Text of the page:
That said, the biggest challenge of citizen engagement is recognising the fact that citizens’ groups are extremely diverse and often have divergent and sometimes even conflicting demands. There are resident welfare associations, women’s groups, builders and developers, academicians, architects and planners, small and medium enterprises, environmental groups, NGOs, etc. Given this reality, the real test is how city governments balance these often conflicting demands.

How do you see technology as an enabler for a successful smart city project?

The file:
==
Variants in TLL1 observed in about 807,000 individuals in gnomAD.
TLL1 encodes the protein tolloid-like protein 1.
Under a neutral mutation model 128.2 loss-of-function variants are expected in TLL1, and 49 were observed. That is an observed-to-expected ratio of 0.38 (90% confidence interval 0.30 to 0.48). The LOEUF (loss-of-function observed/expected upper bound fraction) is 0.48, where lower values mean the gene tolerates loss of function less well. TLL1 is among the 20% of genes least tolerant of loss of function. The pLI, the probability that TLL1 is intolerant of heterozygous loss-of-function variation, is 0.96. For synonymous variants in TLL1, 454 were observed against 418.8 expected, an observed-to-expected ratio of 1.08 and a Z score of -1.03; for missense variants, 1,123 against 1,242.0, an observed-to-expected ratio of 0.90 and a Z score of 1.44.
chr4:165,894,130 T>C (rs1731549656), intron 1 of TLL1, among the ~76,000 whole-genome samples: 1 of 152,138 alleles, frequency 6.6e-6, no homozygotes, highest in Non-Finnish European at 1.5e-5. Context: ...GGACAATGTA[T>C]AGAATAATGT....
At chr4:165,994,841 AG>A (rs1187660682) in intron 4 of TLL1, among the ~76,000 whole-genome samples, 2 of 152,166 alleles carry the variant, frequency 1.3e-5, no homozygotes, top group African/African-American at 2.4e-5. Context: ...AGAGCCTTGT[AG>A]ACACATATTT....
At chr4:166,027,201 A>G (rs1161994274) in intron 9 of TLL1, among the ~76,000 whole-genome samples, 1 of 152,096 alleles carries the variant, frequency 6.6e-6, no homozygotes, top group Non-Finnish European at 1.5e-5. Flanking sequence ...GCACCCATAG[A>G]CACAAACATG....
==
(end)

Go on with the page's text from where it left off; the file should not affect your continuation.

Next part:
The Smart City Mission guidelines stress on trying to do more with less. In this light, Thane Municipal Corporation (TMC) recognises the role that simple technological innovations can play in leveraging the benefits of existing infrastructure without draining the urban local bodies budget. For instance, today in most cities of India, citizens have to come to the corporation in order to apply for various services, or to make utility payments or to lodge service related complaints, etc. With a view to encourage e-governance and reduce the need for the citizen to come to the corporation, TMC has invested in an IT solution commonly known as Enterprise Resource Planning (ERP). Through the implementation of this project, various services such as registration of birth and death, marriage registration, property tax payment, water bill payment, application for a new water supply connection, grievance redressal, etc have been made available online.